So maybe the Toyota Corolla isn’t a driver’s car. Or a sporty car. But it is a good little car, inexpensive to buy and operate while boasting a great reputation for reliability.
Corolla is all new for 2014, and it continues its role as a mainstream vehicle designed to get you where you’re going with a minimum of fuss. Corolla is the kind of car that people might refer to as a mobility appliance. But it’s also the kind of car that most people want for their everyday driving, thus its huge sales numbers, both here and abroad.
Corolla may not be a fun car, but it does have some solid pluses going for it. For instance, the Corolla LE Eco Premium that I drove was a whole lot of compact car for the money, with a boatload of desirable features on board – the kind of stuff once found only on high-priced luxury cars.
Keyless remote everything, including push-button start; a 6-inch video screen with a full suite of navigation, upgraded audio system (with six speakers), Bluetooth, hands-free phone with voice control and other tech features; leather seats and trim; power moonroof; power seats. Pretty much the works.
And the bottom line with options and shipping came out to a modest $23,270, all in, for the Eco Premium version that I drove. Well-equipped even without the extra options, this upper-end model starts off at $20,100, plus $810 shipping. That’s the kind of pricing that keeps the customers coming.
Ride and handling are smooth and stable, but indifferent, and performance is just so-so. The new styling has been sharpened, including a new sporty-looking front end, but Corolla still rates just average in appearance, which is probably just where Toyota wants it to be. An innocuous car for those who like driving anonymously.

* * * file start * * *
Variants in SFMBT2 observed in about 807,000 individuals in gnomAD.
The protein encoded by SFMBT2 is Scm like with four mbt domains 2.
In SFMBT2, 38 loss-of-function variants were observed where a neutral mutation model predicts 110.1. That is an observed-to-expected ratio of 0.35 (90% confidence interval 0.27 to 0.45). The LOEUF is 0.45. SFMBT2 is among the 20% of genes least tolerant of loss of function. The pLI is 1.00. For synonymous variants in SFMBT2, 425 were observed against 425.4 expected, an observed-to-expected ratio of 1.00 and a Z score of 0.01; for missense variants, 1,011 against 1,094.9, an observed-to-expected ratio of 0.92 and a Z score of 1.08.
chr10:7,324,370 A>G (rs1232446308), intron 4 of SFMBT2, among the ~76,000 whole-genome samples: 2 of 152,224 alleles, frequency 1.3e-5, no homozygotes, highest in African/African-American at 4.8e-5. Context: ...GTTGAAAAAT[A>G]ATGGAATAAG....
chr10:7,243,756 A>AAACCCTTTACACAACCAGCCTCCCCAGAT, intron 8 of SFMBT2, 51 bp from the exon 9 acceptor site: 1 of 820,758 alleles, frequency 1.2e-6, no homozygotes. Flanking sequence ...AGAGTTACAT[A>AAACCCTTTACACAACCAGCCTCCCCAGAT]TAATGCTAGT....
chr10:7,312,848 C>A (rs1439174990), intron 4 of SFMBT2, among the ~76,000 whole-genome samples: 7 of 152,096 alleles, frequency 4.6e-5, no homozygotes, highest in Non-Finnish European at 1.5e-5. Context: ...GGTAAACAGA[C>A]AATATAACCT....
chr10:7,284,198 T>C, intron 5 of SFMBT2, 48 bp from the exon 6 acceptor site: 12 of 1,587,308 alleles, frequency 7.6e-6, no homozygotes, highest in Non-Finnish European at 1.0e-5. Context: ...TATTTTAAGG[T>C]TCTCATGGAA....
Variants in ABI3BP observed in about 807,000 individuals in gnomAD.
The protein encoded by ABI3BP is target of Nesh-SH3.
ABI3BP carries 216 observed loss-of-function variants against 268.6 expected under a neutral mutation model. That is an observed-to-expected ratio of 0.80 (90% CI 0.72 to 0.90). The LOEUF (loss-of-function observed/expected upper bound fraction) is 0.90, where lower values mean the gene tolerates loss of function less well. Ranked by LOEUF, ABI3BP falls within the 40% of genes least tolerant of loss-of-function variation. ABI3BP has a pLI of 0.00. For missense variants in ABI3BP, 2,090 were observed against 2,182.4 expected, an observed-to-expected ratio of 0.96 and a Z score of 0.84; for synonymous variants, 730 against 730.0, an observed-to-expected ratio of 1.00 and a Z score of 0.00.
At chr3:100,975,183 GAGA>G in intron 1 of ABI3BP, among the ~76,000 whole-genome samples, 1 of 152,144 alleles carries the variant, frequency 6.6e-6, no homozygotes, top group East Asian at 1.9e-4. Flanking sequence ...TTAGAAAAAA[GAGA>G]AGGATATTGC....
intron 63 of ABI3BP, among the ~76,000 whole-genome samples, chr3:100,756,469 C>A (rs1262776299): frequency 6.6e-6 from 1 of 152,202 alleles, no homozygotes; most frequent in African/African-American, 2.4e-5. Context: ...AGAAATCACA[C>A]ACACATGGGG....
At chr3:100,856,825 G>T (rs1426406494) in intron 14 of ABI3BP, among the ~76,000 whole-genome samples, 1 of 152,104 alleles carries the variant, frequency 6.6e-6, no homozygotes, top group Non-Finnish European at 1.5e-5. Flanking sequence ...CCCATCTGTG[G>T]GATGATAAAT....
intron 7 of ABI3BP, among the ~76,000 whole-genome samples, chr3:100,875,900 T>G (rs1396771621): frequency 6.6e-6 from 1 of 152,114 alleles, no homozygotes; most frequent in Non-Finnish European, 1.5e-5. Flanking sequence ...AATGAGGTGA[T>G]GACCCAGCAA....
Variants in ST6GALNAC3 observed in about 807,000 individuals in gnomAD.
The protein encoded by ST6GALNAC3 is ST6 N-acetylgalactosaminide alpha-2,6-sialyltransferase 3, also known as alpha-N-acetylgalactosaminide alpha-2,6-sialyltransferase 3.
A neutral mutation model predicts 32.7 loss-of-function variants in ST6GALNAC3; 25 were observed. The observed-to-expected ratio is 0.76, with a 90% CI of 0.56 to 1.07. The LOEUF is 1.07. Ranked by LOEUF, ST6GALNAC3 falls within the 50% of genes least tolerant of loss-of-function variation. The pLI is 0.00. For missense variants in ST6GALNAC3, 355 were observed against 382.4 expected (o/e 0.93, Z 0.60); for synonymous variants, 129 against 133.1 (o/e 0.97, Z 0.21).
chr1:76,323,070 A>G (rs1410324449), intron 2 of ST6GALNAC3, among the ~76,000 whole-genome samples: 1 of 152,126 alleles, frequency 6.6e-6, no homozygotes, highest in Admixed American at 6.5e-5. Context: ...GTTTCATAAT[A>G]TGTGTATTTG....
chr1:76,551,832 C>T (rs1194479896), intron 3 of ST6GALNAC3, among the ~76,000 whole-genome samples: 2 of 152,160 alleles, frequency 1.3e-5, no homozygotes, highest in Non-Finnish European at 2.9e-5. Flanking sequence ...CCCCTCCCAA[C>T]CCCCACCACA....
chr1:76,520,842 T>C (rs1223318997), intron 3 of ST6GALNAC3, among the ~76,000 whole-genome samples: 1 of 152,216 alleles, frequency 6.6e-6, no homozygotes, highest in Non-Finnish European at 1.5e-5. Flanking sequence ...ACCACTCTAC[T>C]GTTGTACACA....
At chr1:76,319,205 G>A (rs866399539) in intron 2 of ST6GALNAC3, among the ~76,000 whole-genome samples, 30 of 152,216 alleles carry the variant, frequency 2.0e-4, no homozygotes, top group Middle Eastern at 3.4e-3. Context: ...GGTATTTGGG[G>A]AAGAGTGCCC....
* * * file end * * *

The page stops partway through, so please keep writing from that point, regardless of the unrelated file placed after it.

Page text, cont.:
The Toyota Corolla was completely restyled for 2014.
Power is provided by a 1.8-liter four with Valvetronic and 140 horsepower, which is enough to motivate this 2,800 pound car in the city and on the highway. Acceleration is modest but quick enough for freeway merging and such, and the demeanor at higher road speeds is relaxed and fairly quiet.
The engine in the test car was hooked up with a continuously variable transmission, which is great for mileage but lousy for performance or driver engagement. The CVT does have manual shifting, however, which electronically hold ratios to replicate actual gears. In this case, there are seven shifts that make it seem like a seven-speed automatic. It works well and mitigates the otherwise boring action of the CVT.
Corolla Eco models are also available with six-speed manual shifting, which would be my preference by far, and the non-Eco Corollas have a four-speed automatic option as well.
Fuel mileage is impressive, rated by the EPA at 30 mpg city, 40 highway and 34 combined. In my week of driving with a slightly heavy foot, my average mileage came out slightly over the 34 mpg mark, according to the onboard computer.
Corollas can be well-equipped with premium features.
Toyota has upgraded the interior to feel more high quality, and it has lost the cheap feel that had been the subject of criticism for the previous model. There was adequate legroom and headroom even for a too-tall driver like me, and the comfort level was better than acceptable. The back seat has enough room for adult humans, more so than most compact cars.
The electronic controls and display work very well, with a nicely adaptable navigation system on a bright screen, and real knobs for controlling climate and audio functions without having to mess with the video display. The upgraded audio system sounded very nice.
So really, the Corolla is not so much a mobility appliance as it is a nicely turned out little car with enough premium features and trim quality so that you don’t feel like you’re driving a cheapo compromise, despite the modest price tag. It drives well enough, and for most folks, that’s enough.
2015 Toyota Corolla LE Eco Premium
Corolla Eco models are powered by a thrifty 1.8-liter engine.